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# Running head: DESCRIPTIVE STATISTICS 1

Descriptive Statistics

Students Name

University Affiliation

Course Title

Instructor

Date
DESCRIPTIVE STATISTICS 2

## 1. Does gender affect students performance?

a) The tested hypothesis is whether gender affects students performance as measured

## utilizing final exam points (final course points).

b) Ho: mean final course points is equal for both genders.
Ha: mean final course points is not same for both genders.
c) The name of the test that we will run is a two sample t-test for means or independent

samples test.
The outcome is as shown below.

d) From our SPSS output, the p-value is 0.156 and the test statistics obtained is 1.431,

assuming the same variance. Therefore, we do not reject the null hypothesis since p-value

is greater than the alpha value of 0.05. Further, as observed from the output, the p-value

which is 0.168 is still more than 0.05 even for unequal variance.
e) Failing to reject the null hypothesis implies that gender does not have a significant

influence on the students overall performance. Thus, the mean final course points are

## 2) Total points for learners in Stat Grades.

A) The tested hypothesis is whether the mean value of the total points is different from the

## success value of 90 points.

DESCRIPTIVE STATISTICS 3

## B) Ho: The average value for student's total points is 90.

Ha: The mean success value for total points is not equal to 90.

C) The name of the test that we are going to run is a 1 sample t-test for mean since we do not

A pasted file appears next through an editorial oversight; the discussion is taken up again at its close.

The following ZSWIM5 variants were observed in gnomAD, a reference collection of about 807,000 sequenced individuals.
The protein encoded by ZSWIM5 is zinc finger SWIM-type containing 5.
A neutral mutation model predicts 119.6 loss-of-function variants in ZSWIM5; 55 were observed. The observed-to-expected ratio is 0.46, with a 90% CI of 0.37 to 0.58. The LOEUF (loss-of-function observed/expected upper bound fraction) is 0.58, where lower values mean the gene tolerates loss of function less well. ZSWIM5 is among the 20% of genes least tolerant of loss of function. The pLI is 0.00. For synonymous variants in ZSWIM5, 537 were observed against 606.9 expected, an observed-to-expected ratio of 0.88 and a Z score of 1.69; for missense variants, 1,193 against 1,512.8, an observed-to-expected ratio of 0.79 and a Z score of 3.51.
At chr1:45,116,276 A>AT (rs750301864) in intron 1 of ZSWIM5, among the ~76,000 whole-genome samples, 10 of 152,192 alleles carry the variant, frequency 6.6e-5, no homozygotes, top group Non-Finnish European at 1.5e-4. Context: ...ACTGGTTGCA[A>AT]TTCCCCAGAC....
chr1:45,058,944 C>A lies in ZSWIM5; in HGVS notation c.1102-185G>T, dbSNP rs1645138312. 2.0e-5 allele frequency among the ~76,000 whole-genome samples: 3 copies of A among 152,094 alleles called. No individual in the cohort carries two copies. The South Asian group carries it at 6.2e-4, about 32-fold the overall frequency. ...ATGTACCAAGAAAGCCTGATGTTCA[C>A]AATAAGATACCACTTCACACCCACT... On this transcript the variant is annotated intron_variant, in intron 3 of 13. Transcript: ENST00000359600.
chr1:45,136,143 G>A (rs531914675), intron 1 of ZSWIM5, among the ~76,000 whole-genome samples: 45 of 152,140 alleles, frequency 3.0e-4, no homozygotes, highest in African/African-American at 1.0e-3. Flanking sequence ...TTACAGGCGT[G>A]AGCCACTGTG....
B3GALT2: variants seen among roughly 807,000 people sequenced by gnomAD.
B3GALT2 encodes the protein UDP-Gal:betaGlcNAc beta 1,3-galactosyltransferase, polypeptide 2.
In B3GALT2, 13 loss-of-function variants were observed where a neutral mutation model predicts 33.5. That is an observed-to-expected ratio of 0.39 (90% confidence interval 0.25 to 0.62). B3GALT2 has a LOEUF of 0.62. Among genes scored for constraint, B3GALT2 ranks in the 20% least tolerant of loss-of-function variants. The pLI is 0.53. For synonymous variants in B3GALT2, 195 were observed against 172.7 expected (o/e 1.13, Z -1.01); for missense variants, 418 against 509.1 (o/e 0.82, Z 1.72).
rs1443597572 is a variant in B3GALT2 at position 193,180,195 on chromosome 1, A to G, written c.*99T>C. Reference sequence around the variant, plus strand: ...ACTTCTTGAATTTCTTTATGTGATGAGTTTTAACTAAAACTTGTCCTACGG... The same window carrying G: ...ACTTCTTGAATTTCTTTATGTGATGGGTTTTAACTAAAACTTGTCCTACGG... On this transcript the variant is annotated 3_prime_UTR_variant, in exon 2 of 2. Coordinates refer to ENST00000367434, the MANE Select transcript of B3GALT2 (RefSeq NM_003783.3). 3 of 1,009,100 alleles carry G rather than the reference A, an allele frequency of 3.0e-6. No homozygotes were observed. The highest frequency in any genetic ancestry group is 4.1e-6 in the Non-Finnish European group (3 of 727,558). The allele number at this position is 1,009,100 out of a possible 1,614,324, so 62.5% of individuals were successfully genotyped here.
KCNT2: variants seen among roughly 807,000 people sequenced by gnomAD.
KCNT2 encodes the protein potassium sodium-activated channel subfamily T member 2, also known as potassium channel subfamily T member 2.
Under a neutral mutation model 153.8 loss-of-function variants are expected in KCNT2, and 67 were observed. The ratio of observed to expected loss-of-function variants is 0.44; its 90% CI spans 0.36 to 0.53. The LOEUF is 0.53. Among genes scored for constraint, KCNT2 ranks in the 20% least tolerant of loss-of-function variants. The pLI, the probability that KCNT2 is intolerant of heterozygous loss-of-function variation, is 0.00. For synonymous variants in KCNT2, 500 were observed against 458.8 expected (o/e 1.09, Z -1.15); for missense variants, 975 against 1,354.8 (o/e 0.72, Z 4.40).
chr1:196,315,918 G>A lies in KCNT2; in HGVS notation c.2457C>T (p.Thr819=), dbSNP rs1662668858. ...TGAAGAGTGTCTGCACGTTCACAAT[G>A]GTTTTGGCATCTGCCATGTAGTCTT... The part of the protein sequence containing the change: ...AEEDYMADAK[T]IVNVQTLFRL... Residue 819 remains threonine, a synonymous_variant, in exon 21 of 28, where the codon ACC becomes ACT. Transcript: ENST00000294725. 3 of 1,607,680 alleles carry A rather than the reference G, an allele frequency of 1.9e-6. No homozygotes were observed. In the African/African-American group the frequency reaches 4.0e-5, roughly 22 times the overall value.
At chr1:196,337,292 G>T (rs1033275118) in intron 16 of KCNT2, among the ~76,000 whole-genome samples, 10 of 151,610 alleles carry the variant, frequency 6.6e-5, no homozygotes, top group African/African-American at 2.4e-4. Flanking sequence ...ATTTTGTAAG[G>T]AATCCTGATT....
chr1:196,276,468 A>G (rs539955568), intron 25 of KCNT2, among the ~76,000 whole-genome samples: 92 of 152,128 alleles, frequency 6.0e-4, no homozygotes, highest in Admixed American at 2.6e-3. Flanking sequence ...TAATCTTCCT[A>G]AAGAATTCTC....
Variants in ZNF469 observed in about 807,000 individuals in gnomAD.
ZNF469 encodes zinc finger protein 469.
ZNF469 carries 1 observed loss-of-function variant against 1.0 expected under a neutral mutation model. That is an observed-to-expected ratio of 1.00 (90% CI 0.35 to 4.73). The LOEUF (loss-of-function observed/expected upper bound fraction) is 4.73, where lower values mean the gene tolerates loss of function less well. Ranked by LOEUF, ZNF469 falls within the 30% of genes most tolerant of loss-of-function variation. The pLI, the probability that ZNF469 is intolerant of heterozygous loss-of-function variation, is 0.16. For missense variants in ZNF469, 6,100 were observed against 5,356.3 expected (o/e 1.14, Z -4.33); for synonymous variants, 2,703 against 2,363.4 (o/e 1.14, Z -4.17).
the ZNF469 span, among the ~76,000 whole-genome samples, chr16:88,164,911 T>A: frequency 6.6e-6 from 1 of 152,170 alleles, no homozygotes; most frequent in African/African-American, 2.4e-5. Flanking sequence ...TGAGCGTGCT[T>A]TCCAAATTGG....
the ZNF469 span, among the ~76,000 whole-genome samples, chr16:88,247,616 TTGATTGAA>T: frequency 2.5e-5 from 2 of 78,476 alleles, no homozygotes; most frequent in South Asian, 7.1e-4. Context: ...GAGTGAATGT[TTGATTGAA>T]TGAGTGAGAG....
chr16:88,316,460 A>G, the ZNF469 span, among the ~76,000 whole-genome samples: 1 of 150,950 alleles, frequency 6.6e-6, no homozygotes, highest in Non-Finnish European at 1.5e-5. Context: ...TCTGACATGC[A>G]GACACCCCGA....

## know the standard deviation for the population.

D) The p-value is 0.000, and the test statistic is -3.676. Consequently, we will reject the null

hypothesis since our p-value is less than the alpha value of 0.05.

E) When we reject the null hypothesis, it implies that the students' performance is different than

the given population mean. As a consequence, the means success value for the total points

statistically differs from the population mean of 90 points for the learners in the set.

## 3) Comparing Quiz 1 and 2

DESCRIPTIVE STATISTICS 4

a) Our tested hypothesis is whether there is a significant difference in the average student

## Ha: The average learners performance is not equal in quiz 1 and 2.

C) A paired sample t-test is the one we are going to run in this test.

## mean N Std. deviation Std. Error

Mean
Pair 1quiz 1 points and 7.80 105 2.280 .223

## Paired sample correlations

N Correlation Sig.
Pair quiz 1 and 2 105 .445 .000

points

## Paired samples Test

DESCRIPTIVE STATISTICS 5

Paired Differences
Std. Std. 95% Confidence t df Sig.(2-tailed)

## Deviatio Error Interval of the

n Mean Difference
Lower Upper

Mean
Pair Quiz 1 -0.67 2.176 .212 -.488 .354 -.314 104 .754

and 2

points

d) The p-value is 0.754 whereas the test statistic is -0.314. Thus, we fail to reject the null

hypothesis because the p-value is more than the alpha value of 0.05.

E) Failing to reject our null hypothesis suggests that the mean student success points do not vary

amongst Quiz 1 and 2. Therefore, the average learner's performance is similar between Quiz 1

and 2.

## 4) Use the following SPSS to answer subsequent questions.

A) Ho: Final Exam Points is same for both lower division and upper division students.

Ha: Final Exam Points amongst lower division and upper division students is not equal.

## B) The test being utilized is independent samples test or 2 sample t-test.

DESCRIPTIVE STATISTICS 6

## C) The p-value is 0.730 when assuming equal variances.

D) The outcome of the trial, when using alpha at 0.05 is that we fail to reject the null hypothesis

## since p-value is more than 0.05.

E) Statistically, there is no significant difference in Final Exam Points amongst Lower Division

and Upper Division students. It means that the average final points are similar across the two

divisions.

F) The number of lower students in this sample of data is 22. Yes, the mean points for Lower

Division are different than for Upper Division. The p-value is less than the alpha value of 0.05.

Thus, mean points for the lower division is significantly different than the number of upper

division students. We conclude that a sample parameter can be different but not statistically

different. A statistically significant implies that the result is not ascribed to chance.